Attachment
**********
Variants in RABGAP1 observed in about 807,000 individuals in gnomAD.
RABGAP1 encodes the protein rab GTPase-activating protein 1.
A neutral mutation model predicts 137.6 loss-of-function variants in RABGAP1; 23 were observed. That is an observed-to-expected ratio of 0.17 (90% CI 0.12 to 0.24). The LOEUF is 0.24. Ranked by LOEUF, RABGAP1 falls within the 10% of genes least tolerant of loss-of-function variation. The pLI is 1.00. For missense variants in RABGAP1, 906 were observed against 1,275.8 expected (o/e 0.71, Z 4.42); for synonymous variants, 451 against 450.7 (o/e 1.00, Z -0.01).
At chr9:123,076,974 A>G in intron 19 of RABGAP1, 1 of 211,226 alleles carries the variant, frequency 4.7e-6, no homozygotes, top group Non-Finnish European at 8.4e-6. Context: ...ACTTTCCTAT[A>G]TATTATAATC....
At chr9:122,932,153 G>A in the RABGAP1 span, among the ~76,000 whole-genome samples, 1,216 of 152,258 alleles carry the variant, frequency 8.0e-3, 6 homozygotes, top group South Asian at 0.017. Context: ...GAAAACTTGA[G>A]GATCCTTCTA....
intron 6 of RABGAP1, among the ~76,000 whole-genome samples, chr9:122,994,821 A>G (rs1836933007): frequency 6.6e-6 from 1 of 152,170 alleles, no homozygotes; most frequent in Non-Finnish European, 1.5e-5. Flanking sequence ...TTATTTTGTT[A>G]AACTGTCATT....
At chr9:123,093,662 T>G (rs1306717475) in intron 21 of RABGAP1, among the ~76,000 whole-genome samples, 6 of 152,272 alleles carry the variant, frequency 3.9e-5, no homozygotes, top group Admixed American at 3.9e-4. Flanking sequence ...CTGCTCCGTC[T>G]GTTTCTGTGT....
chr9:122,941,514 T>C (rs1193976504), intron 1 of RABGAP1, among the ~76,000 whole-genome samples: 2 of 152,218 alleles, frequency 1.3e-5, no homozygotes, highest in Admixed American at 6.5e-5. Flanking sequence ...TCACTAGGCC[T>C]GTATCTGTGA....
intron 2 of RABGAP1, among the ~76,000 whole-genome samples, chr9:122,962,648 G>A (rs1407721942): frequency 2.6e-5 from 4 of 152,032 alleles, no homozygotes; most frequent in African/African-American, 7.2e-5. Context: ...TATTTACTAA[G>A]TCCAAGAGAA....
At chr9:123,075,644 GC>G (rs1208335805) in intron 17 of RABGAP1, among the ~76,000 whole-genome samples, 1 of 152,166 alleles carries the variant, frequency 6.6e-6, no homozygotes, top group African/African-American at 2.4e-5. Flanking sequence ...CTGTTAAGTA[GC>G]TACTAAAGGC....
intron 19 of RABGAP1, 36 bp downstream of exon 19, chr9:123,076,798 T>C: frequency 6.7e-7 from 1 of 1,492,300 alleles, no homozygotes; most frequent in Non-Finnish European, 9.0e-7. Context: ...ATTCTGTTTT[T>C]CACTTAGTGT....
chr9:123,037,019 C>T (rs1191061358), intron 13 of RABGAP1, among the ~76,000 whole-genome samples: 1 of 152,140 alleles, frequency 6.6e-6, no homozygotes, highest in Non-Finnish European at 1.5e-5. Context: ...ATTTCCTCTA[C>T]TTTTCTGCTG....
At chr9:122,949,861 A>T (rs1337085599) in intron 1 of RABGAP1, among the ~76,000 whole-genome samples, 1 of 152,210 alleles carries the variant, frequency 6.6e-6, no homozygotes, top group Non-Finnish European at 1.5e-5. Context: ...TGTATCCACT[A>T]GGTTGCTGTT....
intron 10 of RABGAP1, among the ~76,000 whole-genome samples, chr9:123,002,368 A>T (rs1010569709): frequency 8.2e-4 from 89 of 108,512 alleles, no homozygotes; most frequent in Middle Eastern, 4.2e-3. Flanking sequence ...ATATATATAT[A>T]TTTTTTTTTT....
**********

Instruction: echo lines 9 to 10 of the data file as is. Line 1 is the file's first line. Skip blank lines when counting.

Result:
intron 2 of RABGAP1, among the ~76,000 whole-genome samples, chr9:122,962,648 G>A (rs1407721942): frequency 2.6e-5 from 4 of 152,032 alleles, no homozygotes; most frequent in African/African-American, 7.2e-5. Context: ...TATTTACTAA[G>A]TCCAAGAGAA....
At chr9:123,075,644 GC>G (rs1208335805) in intron 17 of RABGAP1, among the ~76,000 whole-genome samples, 1 of 152,166 alleles carries the variant, frequency 6.6e-6, no homozygotes, top group African/African-American at 2.4e-5. Flanking sequence ...CTGTTAAGTA[GC>G]TACTAAAGGC....